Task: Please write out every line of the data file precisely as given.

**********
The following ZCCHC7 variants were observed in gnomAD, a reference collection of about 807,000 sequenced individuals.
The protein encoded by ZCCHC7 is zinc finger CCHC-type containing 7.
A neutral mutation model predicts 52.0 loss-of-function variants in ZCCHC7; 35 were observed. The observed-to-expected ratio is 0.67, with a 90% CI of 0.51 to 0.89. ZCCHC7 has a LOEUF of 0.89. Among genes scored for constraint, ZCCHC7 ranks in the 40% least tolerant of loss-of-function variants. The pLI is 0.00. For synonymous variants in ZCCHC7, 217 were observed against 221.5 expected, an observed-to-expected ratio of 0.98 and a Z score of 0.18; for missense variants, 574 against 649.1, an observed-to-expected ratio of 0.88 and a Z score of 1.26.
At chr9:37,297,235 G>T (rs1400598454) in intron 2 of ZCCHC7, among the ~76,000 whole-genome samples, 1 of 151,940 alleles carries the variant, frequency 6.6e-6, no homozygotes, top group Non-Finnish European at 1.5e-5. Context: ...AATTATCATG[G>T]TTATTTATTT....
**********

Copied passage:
The following ZCCHC7 variants were observed in gnomAD, a reference collection of about 807,000 sequenced individuals.
The protein encoded by ZCCHC7 is zinc finger CCHC-type containing 7.
A neutral mutation model predicts 52.0 loss-of-function variants in ZCCHC7; 35 were observed. The observed-to-expected ratio is 0.67, with a 90% CI of 0.51 to 0.89. ZCCHC7 has a LOEUF of 0.89. Among genes scored for constraint, ZCCHC7 ranks in the 40% least tolerant of loss-of-function variants. The pLI is 0.00. For synonymous variants in ZCCHC7, 217 were observed against 221.5 expected, an observed-to-expected ratio of 0.98 and a Z score of 0.18; for missense variants, 574 against 649.1, an observed-to-expected ratio of 0.88 and a Z score of 1.26.
At chr9:37,297,235 G>T (rs1400598454) in intron 2 of ZCCHC7, among the ~76,000 whole-genome samples, 1 of 151,940 alleles carries the variant, frequency 6.6e-6, no homozygotes, top group Non-Finnish European at 1.5e-5. Context: ...AATTATCATG[G>T]TTATTTATTT....